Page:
I have discussed the notion of a universal basic income several times. I always focus on a negative income tax ~ an idea proposed, mainly, by the Nobel Prize-winning conservative economist Milton Friedman. As explained by the Sloan School of Management at the famous Massachusetts Institute of Technology, “This structure is designed so that people who work will always make more than people who don’t, which would ideally incentivize people to work. While someone who makes a little money — but not enough to pay income tax — will receive less from a negative income tax than someone who doesn’t make any money, overall, the person earning more will have more. The goal with a negative income tax is that no one is destitute, and earning even a small salary is always preferable to earning nothing.” That is the key take-away: “people who work will always make more than people who don’t.” If that is not the key aspect of the system then it will make matters worse, not better.
I know that some people who profess to be conservatives disagree with the idea of a negative income tax and even more with the notion of a guaranteed annual income but it seems to me that one cannot disagree with Friedrich Hayek and Milton Friedman and still claim to be a conservative. It’s about the same as claiming to be a Conservative yet disagreeing with Benjamin Disraeli, Sir John A Macdonald, Sir Winston Churchill, Margaret Thatcher and Stephen Harper. It’s simply not a credible place to stand.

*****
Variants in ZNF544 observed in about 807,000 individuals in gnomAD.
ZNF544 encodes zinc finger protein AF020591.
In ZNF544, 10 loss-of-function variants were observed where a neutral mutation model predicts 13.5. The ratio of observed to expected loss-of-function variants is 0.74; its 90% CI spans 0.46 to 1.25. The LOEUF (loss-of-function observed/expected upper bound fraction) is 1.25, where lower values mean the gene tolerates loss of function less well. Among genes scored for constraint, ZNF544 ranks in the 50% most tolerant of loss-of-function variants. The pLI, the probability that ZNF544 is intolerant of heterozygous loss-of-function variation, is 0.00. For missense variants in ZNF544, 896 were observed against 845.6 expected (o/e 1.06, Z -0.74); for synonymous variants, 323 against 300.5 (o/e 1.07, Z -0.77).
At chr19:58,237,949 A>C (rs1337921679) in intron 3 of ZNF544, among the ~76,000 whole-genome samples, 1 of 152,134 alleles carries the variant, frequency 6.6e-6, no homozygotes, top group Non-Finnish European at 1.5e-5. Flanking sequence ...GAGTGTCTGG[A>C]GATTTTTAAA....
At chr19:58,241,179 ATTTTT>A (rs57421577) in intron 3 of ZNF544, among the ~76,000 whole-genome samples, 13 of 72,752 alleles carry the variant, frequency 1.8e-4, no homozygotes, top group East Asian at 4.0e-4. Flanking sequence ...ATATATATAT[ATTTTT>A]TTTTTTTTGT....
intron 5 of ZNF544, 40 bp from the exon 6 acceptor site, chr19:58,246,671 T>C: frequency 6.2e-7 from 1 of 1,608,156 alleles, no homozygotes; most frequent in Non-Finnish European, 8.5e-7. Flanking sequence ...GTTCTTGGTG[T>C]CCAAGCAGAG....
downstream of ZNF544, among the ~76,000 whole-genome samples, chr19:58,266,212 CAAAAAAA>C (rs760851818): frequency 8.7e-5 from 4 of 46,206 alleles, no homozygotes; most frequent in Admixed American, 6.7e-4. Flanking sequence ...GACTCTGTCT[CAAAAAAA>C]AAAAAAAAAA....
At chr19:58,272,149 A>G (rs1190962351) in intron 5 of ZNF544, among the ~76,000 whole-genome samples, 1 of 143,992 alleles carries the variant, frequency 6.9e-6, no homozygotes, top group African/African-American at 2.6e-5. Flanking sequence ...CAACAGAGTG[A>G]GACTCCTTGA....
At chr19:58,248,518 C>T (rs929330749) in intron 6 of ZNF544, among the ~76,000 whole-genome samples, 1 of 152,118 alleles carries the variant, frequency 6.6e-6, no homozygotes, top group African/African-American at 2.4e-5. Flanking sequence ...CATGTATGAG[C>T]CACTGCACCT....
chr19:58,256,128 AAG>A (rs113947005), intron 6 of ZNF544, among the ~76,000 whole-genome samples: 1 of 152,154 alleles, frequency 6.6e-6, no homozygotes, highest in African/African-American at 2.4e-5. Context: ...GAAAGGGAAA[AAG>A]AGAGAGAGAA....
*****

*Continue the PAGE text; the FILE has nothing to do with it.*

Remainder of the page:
The Senate of Canada’s Standing Committee on National Finance has looked at the Trudeau regime’s response to the COVID-19 crisis and concludes that it comes up short. The committee said that the “emergency spending powers the government gave itself in March should not be extended when they expire in September.” I agree with that fully. Those powers should never have been granted for a day, much less for six months. More importantly, the Senate committee said that the government should “target its key income-support programs on the economic recovery,” and “Ottawa and the provinces should consider a universal basic income as a longer-term option.” Provided they mean a Friedman style of programme, wherein “no one is destitute, and earning even a small salary is always preferable to earning nothing …[and] … people who work will always make more than people who don’t,” then all Conservatives should get behind this.
The key political constituency in 21st century Canada is neither the urban cores nor the suburbs, it is people, not places, it is the precariat and the blue-collar-conservatives (many of whom, coincidentally, reside in the suburbs) and both groups need the sort of financial certainty that a
universal basic income guaranteed annual income negative income tax can provide … if it is well designed on rock-ribbed conservative principles.